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Pipeline politics undermine democracy

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For the last two years, I have been intensely following the review process and wave of opposition to Enbridge's proposed Northern Gateway pipeline, which would extend from Alberta to Kitimat.
Unfortunately, I have also seen what appears to be an erosion of democracy in Canada. During this time, we have seen the federal government gut environmental laws through omnibus bills and streamline the review process for future major resource projects all in what would appear to be an attempt to roll out these projects regardless of the risks and objections.
Our supposed leaders are risking turning Canada into a petro-state that values short-term economic gain from fossil fuels over long-term environmental and economic sustainability.
On Dec. 19, the review process for Northern Gateway wrapped up with the panel releasing its decision. It recommended approval despite massive opposition. However, if Enbridge wishes to proceed, it must meet 209 conditions set out by the review panel, for the federal government's consideration.
What I find disturbing is that according to the David Suzuki Foundation, 1,161 people voiced their opinion on the pipeline, with 1,159 against and two in favour. If the panel valued the opinion of the two over the 1,159 opposed, could someone explain to me how this process could possibly be considered to be fair and objective?
The panel said it focused on science in its decision. Did it look at legitimate science regarding the impacts of bitumen spills on First Nations communities, wildlife and the general environment, or was it science geared to be more pipeline friendly? Were these hearings truly impartial?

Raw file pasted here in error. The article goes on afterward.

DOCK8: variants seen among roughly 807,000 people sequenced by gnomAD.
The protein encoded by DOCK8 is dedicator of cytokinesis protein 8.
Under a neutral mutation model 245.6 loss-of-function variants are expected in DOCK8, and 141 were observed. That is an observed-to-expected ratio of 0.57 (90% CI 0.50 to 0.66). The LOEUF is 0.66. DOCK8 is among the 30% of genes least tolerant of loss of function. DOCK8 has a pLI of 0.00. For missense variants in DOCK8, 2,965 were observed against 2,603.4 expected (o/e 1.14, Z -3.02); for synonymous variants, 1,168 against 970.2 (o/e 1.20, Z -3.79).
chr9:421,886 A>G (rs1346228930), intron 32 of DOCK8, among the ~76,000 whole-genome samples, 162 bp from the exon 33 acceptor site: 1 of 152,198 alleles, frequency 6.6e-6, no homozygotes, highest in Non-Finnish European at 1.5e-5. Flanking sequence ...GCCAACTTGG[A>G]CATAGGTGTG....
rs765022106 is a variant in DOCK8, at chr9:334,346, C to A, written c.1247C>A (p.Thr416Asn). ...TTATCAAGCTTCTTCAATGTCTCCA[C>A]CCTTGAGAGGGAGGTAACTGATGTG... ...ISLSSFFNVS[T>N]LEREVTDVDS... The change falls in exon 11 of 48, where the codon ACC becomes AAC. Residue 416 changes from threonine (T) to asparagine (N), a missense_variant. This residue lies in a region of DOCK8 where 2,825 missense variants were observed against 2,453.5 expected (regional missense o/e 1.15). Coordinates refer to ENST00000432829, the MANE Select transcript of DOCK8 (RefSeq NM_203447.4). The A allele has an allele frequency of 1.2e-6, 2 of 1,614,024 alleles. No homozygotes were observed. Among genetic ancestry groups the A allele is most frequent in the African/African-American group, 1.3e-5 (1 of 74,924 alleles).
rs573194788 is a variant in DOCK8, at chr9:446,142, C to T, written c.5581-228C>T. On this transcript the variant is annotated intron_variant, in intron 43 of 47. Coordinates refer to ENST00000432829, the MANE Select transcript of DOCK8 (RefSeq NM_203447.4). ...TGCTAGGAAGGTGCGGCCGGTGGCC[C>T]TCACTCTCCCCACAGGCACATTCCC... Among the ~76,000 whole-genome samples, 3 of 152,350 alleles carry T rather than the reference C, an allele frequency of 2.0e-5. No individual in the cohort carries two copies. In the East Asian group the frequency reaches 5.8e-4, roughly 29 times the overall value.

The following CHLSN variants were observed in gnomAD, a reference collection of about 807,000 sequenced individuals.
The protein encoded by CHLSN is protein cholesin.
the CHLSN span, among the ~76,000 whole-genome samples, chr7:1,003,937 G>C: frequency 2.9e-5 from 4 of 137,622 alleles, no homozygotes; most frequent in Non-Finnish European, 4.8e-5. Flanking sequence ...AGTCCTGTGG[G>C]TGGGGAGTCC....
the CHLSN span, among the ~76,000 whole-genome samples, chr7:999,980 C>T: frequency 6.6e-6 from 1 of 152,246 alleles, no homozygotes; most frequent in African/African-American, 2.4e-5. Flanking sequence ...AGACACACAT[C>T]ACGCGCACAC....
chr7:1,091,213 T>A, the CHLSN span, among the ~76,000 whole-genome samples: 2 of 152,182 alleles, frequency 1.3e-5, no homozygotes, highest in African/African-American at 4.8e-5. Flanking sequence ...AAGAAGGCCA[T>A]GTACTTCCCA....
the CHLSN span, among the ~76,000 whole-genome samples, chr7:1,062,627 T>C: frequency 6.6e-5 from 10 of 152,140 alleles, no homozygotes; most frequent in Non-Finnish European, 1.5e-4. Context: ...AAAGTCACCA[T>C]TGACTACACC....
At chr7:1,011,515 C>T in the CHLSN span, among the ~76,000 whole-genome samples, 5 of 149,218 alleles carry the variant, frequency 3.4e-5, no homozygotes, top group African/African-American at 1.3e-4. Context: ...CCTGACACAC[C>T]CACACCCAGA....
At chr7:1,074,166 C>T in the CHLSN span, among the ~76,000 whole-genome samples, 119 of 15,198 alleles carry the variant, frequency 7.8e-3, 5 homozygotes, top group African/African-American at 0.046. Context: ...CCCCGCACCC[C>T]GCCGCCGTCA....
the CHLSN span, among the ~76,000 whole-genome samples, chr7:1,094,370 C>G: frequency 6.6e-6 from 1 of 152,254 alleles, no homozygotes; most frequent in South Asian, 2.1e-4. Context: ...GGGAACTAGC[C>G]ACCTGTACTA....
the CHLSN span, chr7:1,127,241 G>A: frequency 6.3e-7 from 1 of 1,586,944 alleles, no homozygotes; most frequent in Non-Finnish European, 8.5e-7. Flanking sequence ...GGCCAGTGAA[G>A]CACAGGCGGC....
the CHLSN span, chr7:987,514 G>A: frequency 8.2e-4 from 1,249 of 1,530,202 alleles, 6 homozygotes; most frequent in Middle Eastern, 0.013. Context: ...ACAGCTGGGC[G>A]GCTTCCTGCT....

I'm not saying we shouldn't have any pipelines anywhere, provided the proper safety measures are in place. However, the proposed Northern Gateway and related tanker traffic puts at risk a highly sensitive ecological region - B.C.'s Great Bear Rainforest.
This temperate rainforest is home to First Nations steadfast in their opposition to Enbridge, as well as spectacular wildlife, including the rare white Kermode or Spirit Bear, which happens to be B.C.'s official mammal.
Enbridge's track record doesn't inspire me with confidence. It has had more than 800 spills since 1999.
In 2010, an Enbridge pipeline ruptured into Michigan's Kalamazoo River, causing the largest inland oil spill in U.S. history. Over three years later, Enbridge has yet to properly deal with the mess.
Premier Christy Clark says she has five conditions that must be met to support the project. Given Enbridge's history and the massive opposition, why doesn't she just say, plain and simply: no, under any circumstances? The risks are too high.
It's time that we in Canada stop letting pipeline politics undermine our democracy, as well as threaten our environment and our own well-being, now and into the future.
James MacGregor,
Kelowna

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